Query performance is a very important area of SQL server. We always have badly performance queries around.

Query store is the newest tool for tracking and resolving performance problems in SQL server.

In this article, we are going to have a look at some practical uses of SQL server Query store.

What is Query Store?

The query store has been described by Microsoft as a ‘flight data recorder’ for SQL server queries. It tracks the queries run against the database, recording the details of the queries and their plans and their runtime characteristics. Query store is per database feature and runs automatically. Once turned on, nothing further needs to be done to get it to track data. It runs in the background collecting data and storing it for later analysis.

Query store is available in SQL Server 2016 and later, and Azure SQLDB v12 and later. It is available in all editions of SQL server, even in Express edition.

How is Query store different from other tracking options?

We have had query performance tracking for some time though in the form of dynamic management views. Mostly, sys.dm_exec_query_stats and sys.dm_exec_query_plan and tracing tools like SQL server profiler and extended events.

So, what makes Query Store different? Let me start answering that by describing a scenario that I encountered a couple of years ago.

A particular critical system was suddenly performing badly. It had been fine the previous week and there have been no extended events sessions or profiler traces running historically. The admin had restarted the server when the performance problem started, just to make sure it was not something related to a pending reboot.

As such, there was no historical performance data at all and solving the problem of what happened, why the query performance is different this week was extremely difficult.

1

Continue reading “Query Store for Solving Query Performance Regressions”

Improve SQL Server Performance with Compression


SQL Server data compression is now available in all editions of SQL Server, starting with 2016 SP1.

In this Article, you will not only know how data compression will save space, you’ll also find out how compression can sometimes improve performance as well.

Space Savings vs. Performance

When I first heard about compression back in 2008, my first thought is that it would have a big performance penalty. Compression would save disk space, but it would probably decrease performance as the data was compressed and decompressed. It turns out that compression can improve performance instead. Because compressed data fits in a smaller number of data pages, there are decreased I/O requirements. Since I/O is generally the bottleneck in SQL Server, this can improve performance. Compressed data also has a decreased memory requirement. When querying compressed data, a smaller number of pages will be copied to the buffer pool. The one area that is impacted is CPU. You do need to have some CPU headroom because compression will require some additional CPU resources.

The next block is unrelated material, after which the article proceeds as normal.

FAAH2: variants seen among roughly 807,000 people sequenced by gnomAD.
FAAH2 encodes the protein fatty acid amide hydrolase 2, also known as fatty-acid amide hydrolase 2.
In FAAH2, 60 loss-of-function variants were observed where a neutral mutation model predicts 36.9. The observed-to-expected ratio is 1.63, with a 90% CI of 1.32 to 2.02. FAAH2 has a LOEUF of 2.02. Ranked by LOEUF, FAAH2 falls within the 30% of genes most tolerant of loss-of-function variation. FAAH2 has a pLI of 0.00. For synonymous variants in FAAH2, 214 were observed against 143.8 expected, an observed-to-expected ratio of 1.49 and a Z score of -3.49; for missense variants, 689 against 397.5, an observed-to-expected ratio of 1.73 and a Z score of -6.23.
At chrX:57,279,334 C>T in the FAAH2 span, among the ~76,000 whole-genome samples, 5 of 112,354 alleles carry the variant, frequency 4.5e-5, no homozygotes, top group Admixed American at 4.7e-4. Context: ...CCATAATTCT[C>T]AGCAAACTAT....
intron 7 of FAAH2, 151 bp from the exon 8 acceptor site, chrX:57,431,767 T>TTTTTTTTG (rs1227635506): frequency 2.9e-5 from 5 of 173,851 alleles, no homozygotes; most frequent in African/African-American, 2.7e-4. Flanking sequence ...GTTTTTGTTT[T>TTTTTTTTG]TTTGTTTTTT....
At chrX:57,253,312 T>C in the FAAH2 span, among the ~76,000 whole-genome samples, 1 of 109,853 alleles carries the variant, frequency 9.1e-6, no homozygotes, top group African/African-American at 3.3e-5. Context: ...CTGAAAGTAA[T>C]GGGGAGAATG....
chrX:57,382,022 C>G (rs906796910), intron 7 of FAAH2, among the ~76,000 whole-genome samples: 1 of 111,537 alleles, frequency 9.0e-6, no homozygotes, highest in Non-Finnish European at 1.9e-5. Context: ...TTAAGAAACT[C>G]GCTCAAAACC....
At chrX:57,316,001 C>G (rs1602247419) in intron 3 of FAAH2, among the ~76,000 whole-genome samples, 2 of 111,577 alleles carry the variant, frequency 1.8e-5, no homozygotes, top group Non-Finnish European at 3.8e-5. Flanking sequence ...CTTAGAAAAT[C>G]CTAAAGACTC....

a1

The good thing is that if the workload is reasonably tuned, many SQL Server instances have more CPU resources than they need. One note of caution here. Don’t look to compression as the solution to solving major performance issues. You need to look at physical resources, configuration, indexing, and query tuning. The point I’m trying to make is that decreased I/O and better memory utilization will benefit the workload in many cases.

Continue reading “Improve SQL Server Performance with Compression”

Repair Corrupt SQL Database with Advanced Recovery Option


Corruption of your SQL Server database can lead to the situation where its contents are destroyed in case the issue is left unattended when the recovery was still possible to be executed. To repair corrupt SQL database you must always ensure that you plan your disaster recovery solution Continue reading “Repair Corrupt SQL Database with Advanced Recovery Option”